Amy Hurst, Associate Professor of Human-Centered Computing, University of Maryland, Baltimore County.
Amy Hurst is an associate professor of Human-Centered Computing in the Information Systems Department at University of Maryland Baltimore County and studies accessibility challenges in real-world settings. Her research focuses on addressing accessibility problems understanding diverse user’s abilities, habits, and preferences. At UMBC she founded the Prototyping and Design Lab (a collaborative making space for technologists and artists) and is an active member of the Interactive Systems Research Center. Amy received her PhD in Human-Computer Interaction from the HCII at Carnegie Mellon in 2010 and has an undergraduate degree in Computer Science from Georgia Institute of Technology.
Justine Cassell, Associate Dean of Technology Strategy and Impact, School of Computer Science, Carnegie Mellon University.
Justine Cassell is Associate Dean of Technology Strategy and Impact in the School of Computer Science at Carnegie Mellon University, and Director Emerita of the Human Computer Interaction Institute. She co-directs the Yahoo-CMU InMind partnership on the future of personal assistants. Previously Cassell was faculty at Northwestern University where she founded the Technology and Social Behavior Doctoral Program and Research Center. Before that she was a tenured professor at the MIT Media Lab. Cassell received the MIT Edgerton Prize, and Anita Borg Institute Women of Vision award, in 2011 was named to the World Economic Forum Global Agenda Council on AI and Robotics, in 2012 named a AAAS fellow, in 2016 made a Fellow of the Royal Academy of Scotland, and in 2017 made a Fellow of the ACM. In 2017-2018 Cassell holds the Chaire Blaise Pascal in Paris, where she is a visiting researcher at the Sorbonne. Cassell has spoken at the World Economic Forum in Davos for the past 7 years on topics concerning the impact of AI and Robotics on society.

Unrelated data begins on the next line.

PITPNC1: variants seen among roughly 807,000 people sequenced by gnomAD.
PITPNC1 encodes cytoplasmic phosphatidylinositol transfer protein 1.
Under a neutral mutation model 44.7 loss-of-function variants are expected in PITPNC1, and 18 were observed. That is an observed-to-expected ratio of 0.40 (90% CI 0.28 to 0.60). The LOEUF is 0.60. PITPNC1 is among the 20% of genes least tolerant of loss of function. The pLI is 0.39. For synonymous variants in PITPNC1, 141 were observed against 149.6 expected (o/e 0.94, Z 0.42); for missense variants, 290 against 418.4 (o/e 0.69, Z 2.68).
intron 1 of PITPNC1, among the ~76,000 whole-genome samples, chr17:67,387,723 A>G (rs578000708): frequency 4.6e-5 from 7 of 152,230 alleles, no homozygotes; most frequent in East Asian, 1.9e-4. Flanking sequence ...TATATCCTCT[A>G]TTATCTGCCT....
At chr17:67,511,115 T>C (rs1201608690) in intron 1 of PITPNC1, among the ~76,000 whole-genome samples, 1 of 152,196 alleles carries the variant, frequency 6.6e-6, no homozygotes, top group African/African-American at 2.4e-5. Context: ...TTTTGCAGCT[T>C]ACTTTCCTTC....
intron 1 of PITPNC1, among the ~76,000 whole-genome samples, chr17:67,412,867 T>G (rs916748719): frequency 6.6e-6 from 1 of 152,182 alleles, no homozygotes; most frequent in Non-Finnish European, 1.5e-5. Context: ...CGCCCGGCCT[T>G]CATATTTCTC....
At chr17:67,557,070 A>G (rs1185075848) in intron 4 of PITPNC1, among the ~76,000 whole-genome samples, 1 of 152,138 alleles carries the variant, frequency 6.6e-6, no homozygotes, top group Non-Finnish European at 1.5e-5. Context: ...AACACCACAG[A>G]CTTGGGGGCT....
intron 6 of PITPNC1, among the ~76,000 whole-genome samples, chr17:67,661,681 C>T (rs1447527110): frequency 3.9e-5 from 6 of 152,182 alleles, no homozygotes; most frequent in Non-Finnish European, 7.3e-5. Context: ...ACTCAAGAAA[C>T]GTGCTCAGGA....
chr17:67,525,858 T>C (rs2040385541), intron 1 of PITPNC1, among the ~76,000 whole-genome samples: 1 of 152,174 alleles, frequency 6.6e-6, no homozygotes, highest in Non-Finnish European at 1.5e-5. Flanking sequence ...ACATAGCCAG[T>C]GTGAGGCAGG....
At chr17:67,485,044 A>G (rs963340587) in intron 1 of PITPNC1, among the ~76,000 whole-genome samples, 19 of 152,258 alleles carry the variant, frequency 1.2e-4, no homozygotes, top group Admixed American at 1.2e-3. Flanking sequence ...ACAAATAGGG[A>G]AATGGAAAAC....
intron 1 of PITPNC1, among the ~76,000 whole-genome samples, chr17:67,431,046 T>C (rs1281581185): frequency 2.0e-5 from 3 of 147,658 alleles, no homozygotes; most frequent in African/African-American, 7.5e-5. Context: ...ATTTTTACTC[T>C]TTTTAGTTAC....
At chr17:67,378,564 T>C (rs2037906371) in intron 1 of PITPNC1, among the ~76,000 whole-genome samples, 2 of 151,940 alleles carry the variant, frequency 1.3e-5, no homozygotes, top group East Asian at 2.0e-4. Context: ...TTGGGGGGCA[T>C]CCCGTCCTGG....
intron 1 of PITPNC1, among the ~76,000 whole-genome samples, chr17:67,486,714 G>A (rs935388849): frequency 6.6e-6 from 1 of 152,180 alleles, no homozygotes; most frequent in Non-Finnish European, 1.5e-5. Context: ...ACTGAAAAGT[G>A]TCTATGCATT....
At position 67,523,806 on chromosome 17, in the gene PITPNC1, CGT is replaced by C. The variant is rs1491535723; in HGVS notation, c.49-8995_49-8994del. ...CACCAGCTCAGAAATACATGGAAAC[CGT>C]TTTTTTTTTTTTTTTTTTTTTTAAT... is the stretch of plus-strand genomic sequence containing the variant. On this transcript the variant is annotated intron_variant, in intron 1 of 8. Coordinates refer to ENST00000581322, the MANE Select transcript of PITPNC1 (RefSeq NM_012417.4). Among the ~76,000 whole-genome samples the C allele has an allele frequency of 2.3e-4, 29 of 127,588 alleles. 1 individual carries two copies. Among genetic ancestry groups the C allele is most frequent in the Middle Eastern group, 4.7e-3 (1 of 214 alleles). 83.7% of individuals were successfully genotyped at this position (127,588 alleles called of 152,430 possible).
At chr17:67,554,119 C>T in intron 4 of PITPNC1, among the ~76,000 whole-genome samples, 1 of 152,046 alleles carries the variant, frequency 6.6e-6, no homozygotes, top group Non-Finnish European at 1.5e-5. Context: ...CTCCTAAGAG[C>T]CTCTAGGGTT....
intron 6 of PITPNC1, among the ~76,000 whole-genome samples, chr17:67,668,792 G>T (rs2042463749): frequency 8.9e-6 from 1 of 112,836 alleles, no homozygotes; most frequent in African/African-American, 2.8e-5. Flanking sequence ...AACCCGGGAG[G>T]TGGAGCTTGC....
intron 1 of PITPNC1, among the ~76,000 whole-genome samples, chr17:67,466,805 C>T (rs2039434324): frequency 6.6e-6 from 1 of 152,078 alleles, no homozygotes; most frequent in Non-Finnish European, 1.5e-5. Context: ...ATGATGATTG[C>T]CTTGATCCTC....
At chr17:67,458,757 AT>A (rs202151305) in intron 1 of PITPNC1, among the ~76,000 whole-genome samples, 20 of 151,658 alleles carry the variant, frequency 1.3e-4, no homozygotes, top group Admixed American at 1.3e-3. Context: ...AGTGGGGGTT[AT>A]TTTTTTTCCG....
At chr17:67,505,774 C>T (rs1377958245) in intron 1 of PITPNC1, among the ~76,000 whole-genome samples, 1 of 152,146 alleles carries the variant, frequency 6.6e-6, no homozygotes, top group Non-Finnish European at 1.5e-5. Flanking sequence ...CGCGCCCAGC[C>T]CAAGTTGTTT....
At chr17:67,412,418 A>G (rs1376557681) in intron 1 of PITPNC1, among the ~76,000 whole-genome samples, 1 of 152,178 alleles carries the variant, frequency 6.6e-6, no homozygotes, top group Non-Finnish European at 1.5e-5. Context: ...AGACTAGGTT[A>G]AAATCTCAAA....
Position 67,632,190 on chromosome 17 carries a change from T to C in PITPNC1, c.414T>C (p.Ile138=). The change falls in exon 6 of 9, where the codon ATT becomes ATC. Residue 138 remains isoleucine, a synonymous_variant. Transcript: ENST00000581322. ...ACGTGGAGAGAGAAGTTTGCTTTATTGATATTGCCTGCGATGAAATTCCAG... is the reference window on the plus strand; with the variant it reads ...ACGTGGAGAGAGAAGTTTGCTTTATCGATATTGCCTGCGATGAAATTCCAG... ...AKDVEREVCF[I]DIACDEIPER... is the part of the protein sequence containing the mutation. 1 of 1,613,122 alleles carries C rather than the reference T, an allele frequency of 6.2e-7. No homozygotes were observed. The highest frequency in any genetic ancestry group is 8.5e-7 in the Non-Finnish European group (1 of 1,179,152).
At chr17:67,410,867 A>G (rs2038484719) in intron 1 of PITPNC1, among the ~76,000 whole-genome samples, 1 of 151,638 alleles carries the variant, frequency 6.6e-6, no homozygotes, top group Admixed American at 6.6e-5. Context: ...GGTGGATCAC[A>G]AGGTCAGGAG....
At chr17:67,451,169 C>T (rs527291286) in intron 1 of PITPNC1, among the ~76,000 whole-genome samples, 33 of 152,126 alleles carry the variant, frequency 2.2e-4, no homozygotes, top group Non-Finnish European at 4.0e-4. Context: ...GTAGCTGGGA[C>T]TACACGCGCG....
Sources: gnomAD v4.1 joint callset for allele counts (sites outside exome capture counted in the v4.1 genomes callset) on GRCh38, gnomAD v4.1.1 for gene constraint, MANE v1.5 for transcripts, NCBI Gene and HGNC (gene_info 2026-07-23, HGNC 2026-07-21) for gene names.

Helen Petrie, Professor of Human Computer Interaction, Department of Computer Science, University of York.
Helen Petrie is Professor of Human-Computer Interaction in the Department of Computer Science at the University of York. She is a Chartered Psychologist and Associate Fellow of the British Psychological Society and has degrees in both psychology and computer science. Her interest in accessibility started when she worked for the Royal National Institute for Blind People (RNIB) helping to design and evaluate one of the first screenreaders for Windows. Since then she has worked on many aspects of accessibility and assistive technology, particularly for visually impaired and older people. She has received a Royal Television Society Technical Innovation Prize, a Social Impact Award from the Association of Computing Machinery (ACM), and a Lifetime Achievement Award from the RNIB.